To be all-American these days is a luxury proposition. A pair of domestic-made 501 Levi's? Those cost a cool 178 bucks. In cowboy terms, that's a boondoggle.
Mike Catherwood, 33, admits as much. The co-host on the radio advice show "Loveline" has been trying to buy only American-made products as part of a year-long experiment chronicled on his Domestic Journey blog.
"It’s definitely more expensive [to buy American-made products]," Catherwood said, speaking from his Cadillac while stuck in traffic on the way to the airport in Los Angeles. Since he started the experiment last January, his aim has been to draw more attention to American-made goodness.
But instead his experiment underscores the new truth about American-made products: The only people who can afford to buy them are the richest ones. "I am capable of it," he acknowledged, "but I don’t think it’s feasible for everyone to do this."
During an election year, buying all-American takes on new significance as each candidate tries to peg the other as less patriotic using the cars they drive, the foods they eat and their positions on outsourcing.
But for all the noise about which candidate is the biggest American consumer, another message gets lost: Most Americans can only afford to buy imported goods. The average American household had a median income of barely $50,000 in 2011, according to the latest Census figures released last week. That's just enough to shop at stores like Walmart and Old Navy, emporiums of cheap imported goods.
Take the classic "Born in the USA" outfit: blue jeans, white T-shirt, work boots. The three items, all USA-made, cost $421: domestic-made Levi's 501s ($178), American Apparel white T-shirt ($18) and classic Red Wing work boots ($225). The same outfit with imported goods is far cheaper: Brahma-brand work boots from Walmart ($33), a white Hanes T-shirt ($6) and Gap classic blue jeans ($60) add up to cost less than $100.
"People are fearful that trade is harmful and they only see that its costing us jobs," said Jason Taylor, an economic historian at Central Michigan University. "But these lower prices keep the cost of living down for every American, but it's especially relevant for the lower and middle-class."
Meanwhile, the Made in USA label has undergone a different kind of evolution. If it has traditionally been a symbol of Main Street pride, increasingly it's being used as a chic status symbol for upscale retailers like J.Crew and Gilt Groupe, which have created special marketing around American-made goods, the New York Times reported.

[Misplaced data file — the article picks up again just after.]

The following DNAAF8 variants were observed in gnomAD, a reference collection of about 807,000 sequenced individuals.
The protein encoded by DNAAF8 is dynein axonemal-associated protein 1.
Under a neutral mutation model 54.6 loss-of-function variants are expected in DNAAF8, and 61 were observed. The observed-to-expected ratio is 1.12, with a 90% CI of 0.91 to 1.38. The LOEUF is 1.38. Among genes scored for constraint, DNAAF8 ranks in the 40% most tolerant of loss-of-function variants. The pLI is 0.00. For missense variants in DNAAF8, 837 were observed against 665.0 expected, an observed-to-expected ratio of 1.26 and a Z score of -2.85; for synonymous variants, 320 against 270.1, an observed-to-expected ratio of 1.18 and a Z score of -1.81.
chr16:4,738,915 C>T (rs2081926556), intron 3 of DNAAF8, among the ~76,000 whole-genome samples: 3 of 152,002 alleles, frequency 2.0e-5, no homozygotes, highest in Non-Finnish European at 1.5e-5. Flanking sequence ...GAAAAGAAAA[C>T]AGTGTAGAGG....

Add to that, dozens of boutique manufacturers and regional designers who use more specific labeling, like "Made in Brooklyn" to create additional caché. These products might feel good, like buying organic lettuce from the green market, but they are niche products. For small-scale manufacturers of clothing, furniture and food, American-made labels have quaint appeal on par with the food industry's subculture of locavorism.
"You can get [economic] utility from where [goods] are coming from," said Taylor. "You can get a warm glow from buying local produce and you believe you are helping a local farmer. It's almost like a new charity."
For a product to qualify for the Made in USA label, all or virtually all of the product has to be made in the United States, according to the Federal Trade Commission. However with globalized trade, the distinction can get murky. American cotton might be used in shirts made overseas; Japanese cars are assembled in the United States.
Catherwood, who doles out relationship advice on the radio, said that some things are impossible to buy like electronics or even gag gifts for a friend's bachelorette party like sex toys. ("That market needs a good American company to make domestic goods!")
He had not investigated American-made condoms. And, as it turns out, the last American condom manufacturer closed down in 2009 after tough price competition from Chinese.
As the radio host reaches the final few months of his experiment, Catherwood said he will continue to focus on buying American goods in the future but has gotten more comfortable with the unavoidable grey zone of sort-of American, where some parts might come from other countries.
"If someone makes a burrito with beef from Mexico, but it’s made here, it's still made in America."